FATMAP difficulty grade
Soaring to a height of 12,807 feet, Granite Peak reigns as the highest point in the state of Montana, and it's also renowned as one of the most difficult of the state high points to climb.
"Besides some talus-strewn class 3 and 4 climbing, Granite Peak is notorious for the brutal thunderstorms that lash its slopes with predictable monotony on summer afternoons," according to [PeakBagger.com](https://www.peakbagger.com/peak.aspx?pid=5258).
You'll also have to brave a "dangerous ridge of snow" and some extreme exposure on one of the final pitches.
All sources warn that this mountain is not recommended for novice climbers: Granite Peak has [proved deadly](https://www.startribune.com/minnesota-man-dies-climbing-highest-peak-in-montana/558619292/#:~:text=A%20Minnesota%20man%20fell%20to,from%20reaching%20the%20area%20sooner.) several times over. The approach to Granite Peak is so lengthy that most climbers break it into a multi-day backpacking adventure, setting up a high camp before the final summit push.
The most common ascent of Granite Peak begins at the West Rosebud trailhead and heads in past Mystic Lake.
While there are a few different routes to choose from, the route mapped here climbs toward the upper col and the final summit push via Huckleberry Creek.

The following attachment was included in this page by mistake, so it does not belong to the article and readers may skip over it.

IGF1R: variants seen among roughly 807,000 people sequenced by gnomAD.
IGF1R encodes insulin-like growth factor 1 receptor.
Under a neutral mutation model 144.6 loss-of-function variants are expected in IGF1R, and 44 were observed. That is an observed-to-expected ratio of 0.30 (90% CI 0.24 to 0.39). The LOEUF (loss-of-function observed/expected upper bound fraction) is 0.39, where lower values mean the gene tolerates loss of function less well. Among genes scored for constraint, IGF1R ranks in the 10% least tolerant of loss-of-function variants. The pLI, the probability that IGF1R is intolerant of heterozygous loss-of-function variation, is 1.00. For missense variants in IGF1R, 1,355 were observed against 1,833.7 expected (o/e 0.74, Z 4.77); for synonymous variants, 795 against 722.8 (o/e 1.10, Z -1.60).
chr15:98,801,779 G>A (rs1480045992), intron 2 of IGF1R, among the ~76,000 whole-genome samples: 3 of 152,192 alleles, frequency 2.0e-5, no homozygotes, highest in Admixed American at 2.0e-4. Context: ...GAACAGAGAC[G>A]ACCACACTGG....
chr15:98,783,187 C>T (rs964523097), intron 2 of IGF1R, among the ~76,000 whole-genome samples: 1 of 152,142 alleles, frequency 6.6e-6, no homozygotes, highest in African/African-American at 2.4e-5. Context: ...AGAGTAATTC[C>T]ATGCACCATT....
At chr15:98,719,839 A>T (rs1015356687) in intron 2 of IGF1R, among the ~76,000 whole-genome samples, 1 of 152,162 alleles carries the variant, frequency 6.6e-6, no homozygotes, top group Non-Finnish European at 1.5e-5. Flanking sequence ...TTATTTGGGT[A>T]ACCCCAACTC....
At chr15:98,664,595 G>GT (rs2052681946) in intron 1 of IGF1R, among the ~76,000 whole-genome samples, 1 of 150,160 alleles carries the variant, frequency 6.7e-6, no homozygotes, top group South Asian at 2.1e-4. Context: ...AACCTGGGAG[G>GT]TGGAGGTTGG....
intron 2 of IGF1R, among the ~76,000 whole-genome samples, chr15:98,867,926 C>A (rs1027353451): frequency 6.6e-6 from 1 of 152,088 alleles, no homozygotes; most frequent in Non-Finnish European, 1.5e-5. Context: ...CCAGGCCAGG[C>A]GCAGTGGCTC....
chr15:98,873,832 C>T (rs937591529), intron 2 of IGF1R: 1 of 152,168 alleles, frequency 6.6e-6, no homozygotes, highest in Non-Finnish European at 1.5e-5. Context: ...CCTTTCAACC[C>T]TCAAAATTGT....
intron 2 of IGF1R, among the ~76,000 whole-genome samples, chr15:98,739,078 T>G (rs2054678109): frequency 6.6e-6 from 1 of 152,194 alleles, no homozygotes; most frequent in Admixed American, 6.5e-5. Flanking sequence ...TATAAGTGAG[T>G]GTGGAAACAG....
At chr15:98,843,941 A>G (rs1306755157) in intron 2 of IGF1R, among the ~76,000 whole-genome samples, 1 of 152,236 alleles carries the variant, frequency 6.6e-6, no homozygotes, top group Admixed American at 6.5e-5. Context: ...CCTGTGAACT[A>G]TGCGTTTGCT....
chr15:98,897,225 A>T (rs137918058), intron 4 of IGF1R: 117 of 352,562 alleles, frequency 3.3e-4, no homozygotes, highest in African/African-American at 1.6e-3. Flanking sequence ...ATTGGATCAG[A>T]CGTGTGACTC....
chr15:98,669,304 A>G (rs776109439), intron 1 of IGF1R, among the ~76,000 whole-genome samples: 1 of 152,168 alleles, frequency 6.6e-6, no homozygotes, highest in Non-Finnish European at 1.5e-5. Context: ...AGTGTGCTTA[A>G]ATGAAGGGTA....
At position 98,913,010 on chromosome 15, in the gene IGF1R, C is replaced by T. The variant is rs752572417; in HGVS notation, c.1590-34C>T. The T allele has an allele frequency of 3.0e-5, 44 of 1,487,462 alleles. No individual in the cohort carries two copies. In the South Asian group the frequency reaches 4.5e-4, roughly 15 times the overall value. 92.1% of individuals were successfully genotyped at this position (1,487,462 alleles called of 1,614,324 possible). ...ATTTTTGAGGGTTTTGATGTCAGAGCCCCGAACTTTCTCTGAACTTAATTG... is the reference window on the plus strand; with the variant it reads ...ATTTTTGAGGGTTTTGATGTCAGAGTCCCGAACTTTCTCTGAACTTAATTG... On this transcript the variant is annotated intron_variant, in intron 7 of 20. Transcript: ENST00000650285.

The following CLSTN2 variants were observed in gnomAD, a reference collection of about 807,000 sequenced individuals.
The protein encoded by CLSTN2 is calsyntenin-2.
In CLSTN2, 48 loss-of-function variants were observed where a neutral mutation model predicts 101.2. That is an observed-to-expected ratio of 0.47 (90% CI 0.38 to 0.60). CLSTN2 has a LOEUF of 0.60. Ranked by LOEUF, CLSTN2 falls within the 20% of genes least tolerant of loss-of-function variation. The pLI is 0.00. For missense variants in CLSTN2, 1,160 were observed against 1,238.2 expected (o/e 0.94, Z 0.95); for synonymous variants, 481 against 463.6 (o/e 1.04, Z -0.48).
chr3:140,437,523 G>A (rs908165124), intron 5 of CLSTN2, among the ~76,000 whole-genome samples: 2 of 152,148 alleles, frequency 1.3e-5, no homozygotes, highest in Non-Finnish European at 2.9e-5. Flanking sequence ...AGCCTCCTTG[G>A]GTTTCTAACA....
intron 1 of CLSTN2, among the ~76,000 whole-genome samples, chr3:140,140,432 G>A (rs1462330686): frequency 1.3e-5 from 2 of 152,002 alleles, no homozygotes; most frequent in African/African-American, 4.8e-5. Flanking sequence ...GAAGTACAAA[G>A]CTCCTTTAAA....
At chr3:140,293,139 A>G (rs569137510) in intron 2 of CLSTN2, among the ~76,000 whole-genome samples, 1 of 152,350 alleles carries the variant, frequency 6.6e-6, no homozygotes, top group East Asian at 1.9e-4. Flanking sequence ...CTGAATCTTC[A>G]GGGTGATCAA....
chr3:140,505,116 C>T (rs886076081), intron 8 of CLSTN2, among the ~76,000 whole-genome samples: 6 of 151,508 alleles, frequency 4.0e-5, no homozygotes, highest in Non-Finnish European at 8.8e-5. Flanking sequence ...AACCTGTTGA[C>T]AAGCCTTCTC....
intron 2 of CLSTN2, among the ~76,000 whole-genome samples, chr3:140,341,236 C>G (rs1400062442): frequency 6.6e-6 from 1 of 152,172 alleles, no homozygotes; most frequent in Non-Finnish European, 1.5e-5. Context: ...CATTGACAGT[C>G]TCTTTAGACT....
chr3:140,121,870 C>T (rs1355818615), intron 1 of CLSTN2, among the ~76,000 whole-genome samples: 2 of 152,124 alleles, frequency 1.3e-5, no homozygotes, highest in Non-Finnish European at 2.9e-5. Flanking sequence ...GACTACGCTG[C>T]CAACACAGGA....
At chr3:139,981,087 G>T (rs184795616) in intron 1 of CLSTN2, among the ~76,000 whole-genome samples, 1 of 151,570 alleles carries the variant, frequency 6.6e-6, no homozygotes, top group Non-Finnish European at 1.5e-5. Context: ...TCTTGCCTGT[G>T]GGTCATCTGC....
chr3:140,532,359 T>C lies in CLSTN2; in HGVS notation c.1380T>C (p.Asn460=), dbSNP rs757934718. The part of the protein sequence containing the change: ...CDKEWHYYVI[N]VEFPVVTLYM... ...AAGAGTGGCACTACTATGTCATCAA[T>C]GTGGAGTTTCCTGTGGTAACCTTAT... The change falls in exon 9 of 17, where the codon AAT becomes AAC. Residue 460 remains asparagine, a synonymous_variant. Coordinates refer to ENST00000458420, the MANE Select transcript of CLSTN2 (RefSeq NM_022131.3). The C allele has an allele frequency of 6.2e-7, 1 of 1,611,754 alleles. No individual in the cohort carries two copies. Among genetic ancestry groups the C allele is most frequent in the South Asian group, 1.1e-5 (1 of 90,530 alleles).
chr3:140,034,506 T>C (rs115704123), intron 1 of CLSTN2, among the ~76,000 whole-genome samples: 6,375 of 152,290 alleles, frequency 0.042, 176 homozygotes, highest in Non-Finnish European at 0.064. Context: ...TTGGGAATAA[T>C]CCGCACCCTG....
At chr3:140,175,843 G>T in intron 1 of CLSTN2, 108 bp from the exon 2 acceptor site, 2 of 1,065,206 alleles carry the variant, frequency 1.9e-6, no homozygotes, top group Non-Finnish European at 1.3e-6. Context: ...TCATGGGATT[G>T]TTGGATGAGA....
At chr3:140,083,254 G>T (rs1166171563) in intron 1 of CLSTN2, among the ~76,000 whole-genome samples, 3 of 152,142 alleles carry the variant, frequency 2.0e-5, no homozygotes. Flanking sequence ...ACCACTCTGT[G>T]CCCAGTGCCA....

While some sources note Huckleberry Creek as one of the more arduous routes, it still remains one of the most popular and easiest to navigate. While Huckleberry Creek requires "navigation across massive boulder fields which rise steeply toward the base of Granite Peak," according to Matt Lemke on [SummitPost.org](https://www.summitpost.org/granite-peak/150239), staying down in the valley means you're more protected from afternoon thunderstorms.
In comparison, the other route on this side of the mountain crosses a completely-exposed high alpine plateau, which can prove dangerous if the weather turns sour. While exceptional mountain athletes may be able to bag this peak in one day, most climbers will have to break this up into a multi-day excursion.
If taking the Huckleberry Creek Route, Princess Lake offers a great camping option before the final push to the summit.
The final summit push requires a boulder scramble to the col between Tempest Mountain and Granite Peak.
Once at the col, the route more or less follows the ridgeline to gain the summit, although some climbers will choose to swing lower down through the talus along the first section of the ascent.
But eventually, you'll have to commit to the ridge and extreme exposure to gain the summit of Granite Peak. The final 200 feet of the summit block are extremely exposed.
Many climbers will choose to rope up for this section, and rappel back down from the top.
While it can be climbed without a rope, that decision is up to you.
A fall from this final ridge will likely prove deadly—and it did for the an experienced climber in 2019. If you've managed to overcome the challenge and conquer that final 200 feet, then congratulations: you've reached the highest point in Montana! Sources: https://www.summitpost.org/granite-peak/150239 https://www.peakbagger.com/peak.aspx?pid=5258 https://www.theoutbound.com/montana/backpacking/backpack-granite-peak https://www.startribune.com/minnesota-man-dies-climbing-highest-peak-in-montana/558619292/#:~:text=A%20Minnesota%20man%20fell%20to,from%20reaching%20the%20area%20sooner.